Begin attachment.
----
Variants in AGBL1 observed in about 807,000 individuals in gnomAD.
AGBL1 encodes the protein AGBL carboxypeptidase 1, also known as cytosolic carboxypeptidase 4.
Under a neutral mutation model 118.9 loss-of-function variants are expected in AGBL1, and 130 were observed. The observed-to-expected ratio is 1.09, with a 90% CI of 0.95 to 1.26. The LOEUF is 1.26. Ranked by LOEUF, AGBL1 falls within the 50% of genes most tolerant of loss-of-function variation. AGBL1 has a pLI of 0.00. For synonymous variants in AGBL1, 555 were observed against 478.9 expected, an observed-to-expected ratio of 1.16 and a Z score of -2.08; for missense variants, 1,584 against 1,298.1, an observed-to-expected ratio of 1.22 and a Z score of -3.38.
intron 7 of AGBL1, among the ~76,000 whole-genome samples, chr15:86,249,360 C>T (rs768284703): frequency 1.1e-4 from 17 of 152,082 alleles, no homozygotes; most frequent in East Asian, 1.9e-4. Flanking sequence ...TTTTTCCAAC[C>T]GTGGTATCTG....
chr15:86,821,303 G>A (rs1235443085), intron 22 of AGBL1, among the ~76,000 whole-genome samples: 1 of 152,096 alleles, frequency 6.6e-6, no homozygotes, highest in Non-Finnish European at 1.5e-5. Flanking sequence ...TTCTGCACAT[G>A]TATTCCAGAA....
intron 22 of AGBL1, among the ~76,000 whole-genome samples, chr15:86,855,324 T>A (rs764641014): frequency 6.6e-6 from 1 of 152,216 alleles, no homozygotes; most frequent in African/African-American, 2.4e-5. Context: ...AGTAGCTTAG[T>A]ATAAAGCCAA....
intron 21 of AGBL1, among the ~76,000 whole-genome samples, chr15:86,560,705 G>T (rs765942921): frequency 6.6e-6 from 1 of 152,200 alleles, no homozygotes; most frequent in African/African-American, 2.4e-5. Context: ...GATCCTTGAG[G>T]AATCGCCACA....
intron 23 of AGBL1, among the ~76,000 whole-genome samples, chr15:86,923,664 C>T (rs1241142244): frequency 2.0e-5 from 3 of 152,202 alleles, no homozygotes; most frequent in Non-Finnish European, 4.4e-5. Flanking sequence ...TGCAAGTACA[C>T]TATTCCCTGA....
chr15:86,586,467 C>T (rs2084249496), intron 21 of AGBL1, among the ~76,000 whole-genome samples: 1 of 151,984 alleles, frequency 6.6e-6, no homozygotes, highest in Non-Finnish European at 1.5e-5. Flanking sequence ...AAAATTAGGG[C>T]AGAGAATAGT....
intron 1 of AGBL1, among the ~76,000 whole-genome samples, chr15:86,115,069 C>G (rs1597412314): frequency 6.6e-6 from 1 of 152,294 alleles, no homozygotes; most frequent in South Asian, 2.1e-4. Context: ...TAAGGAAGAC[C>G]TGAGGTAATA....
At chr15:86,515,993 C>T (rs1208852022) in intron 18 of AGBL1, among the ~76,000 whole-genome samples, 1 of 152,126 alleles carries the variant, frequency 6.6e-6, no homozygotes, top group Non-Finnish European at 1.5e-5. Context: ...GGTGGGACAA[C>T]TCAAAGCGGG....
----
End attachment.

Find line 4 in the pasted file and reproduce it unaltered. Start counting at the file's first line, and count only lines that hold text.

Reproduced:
intron 7 of AGBL1, among the ~76,000 whole-genome samples, chr15:86,249,360 C>T (rs768284703): frequency 1.1e-4 from 17 of 152,082 alleles, no homozygotes; most frequent in East Asian, 1.9e-4. Flanking sequence ...TTTTTCCAAC[C>T]GTGGTATCTG....